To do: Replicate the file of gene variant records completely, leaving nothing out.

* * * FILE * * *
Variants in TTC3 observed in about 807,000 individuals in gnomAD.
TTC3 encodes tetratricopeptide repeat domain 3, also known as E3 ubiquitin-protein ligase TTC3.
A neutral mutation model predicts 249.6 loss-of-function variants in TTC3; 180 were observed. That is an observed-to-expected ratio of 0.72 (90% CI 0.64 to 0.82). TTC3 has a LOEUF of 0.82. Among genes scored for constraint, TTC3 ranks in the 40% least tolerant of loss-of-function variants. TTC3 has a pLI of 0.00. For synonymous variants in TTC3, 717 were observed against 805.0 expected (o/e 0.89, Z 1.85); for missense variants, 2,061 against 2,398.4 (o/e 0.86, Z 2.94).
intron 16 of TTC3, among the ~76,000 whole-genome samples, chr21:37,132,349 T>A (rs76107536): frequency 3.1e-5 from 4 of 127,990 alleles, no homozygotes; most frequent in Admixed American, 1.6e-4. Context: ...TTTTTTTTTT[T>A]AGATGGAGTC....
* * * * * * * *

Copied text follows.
Variants in TTC3 observed in about 807,000 individuals in gnomAD.
TTC3 encodes tetratricopeptide repeat domain 3, also known as E3 ubiquitin-protein ligase TTC3.
A neutral mutation model predicts 249.6 loss-of-function variants in TTC3; 180 were observed. That is an observed-to-expected ratio of 0.72 (90% CI 0.64 to 0.82). TTC3 has a LOEUF of 0.82. Among genes scored for constraint, TTC3 ranks in the 40% least tolerant of loss-of-function variants. TTC3 has a pLI of 0.00. For synonymous variants in TTC3, 717 were observed against 805.0 expected (o/e 0.89, Z 1.85); for missense variants, 2,061 against 2,398.4 (o/e 0.86, Z 2.94).
intron 16 of TTC3, among the ~76,000 whole-genome samples, chr21:37,132,349 T>A (rs76107536): frequency 3.1e-5 from 4 of 127,990 alleles, no homozygotes; most frequent in Admixed American, 1.6e-4. Context: ...TTTTTTTTTT[T>A]AGATGGAGTC....